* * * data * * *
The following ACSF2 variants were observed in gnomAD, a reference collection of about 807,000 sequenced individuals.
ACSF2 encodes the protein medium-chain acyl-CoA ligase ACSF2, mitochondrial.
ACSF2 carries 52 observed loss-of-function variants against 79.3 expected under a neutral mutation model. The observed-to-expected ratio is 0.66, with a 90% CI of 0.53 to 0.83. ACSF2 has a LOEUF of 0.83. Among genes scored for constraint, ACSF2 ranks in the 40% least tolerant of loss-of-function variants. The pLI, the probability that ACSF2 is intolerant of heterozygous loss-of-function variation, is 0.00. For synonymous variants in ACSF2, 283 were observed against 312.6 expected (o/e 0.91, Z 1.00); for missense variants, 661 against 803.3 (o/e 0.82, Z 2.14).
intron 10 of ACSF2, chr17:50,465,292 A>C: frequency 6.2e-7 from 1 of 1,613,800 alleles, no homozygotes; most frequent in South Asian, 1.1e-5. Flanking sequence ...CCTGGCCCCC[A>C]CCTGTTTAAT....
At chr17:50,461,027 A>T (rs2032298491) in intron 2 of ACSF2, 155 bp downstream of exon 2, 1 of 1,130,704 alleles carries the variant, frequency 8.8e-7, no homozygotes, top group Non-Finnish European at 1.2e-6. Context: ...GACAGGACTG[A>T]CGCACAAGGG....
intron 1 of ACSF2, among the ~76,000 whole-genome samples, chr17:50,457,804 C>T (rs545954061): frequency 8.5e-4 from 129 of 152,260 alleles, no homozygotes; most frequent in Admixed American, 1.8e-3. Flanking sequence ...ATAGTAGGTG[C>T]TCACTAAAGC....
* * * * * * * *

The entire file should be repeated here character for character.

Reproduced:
The following ACSF2 variants were observed in gnomAD, a reference collection of about 807,000 sequenced individuals.
ACSF2 encodes the protein medium-chain acyl-CoA ligase ACSF2, mitochondrial.
ACSF2 carries 52 observed loss-of-function variants against 79.3 expected under a neutral mutation model. The observed-to-expected ratio is 0.66, with a 90% CI of 0.53 to 0.83. ACSF2 has a LOEUF of 0.83. Among genes scored for constraint, ACSF2 ranks in the 40% least tolerant of loss-of-function variants. The pLI, the probability that ACSF2 is intolerant of heterozygous loss-of-function variation, is 0.00. For synonymous variants in ACSF2, 283 were observed against 312.6 expected (o/e 0.91, Z 1.00); for missense variants, 661 against 803.3 (o/e 0.82, Z 2.14).
intron 10 of ACSF2, chr17:50,465,292 A>C: frequency 6.2e-7 from 1 of 1,613,800 alleles, no homozygotes; most frequent in South Asian, 1.1e-5. Flanking sequence ...CCTGGCCCCC[A>C]CCTGTTTAAT....
At chr17:50,461,027 A>T (rs2032298491) in intron 2 of ACSF2, 155 bp downstream of exon 2, 1 of 1,130,704 alleles carries the variant, frequency 8.8e-7, no homozygotes, top group Non-Finnish European at 1.2e-6. Context: ...GACAGGACTG[A>T]CGCACAAGGG....
intron 1 of ACSF2, among the ~76,000 whole-genome samples, chr17:50,457,804 C>T (rs545954061): frequency 8.5e-4 from 129 of 152,260 alleles, no homozygotes; most frequent in Admixed American, 1.8e-3. Flanking sequence ...ATAGTAGGTG[C>T]TCACTAAAGC....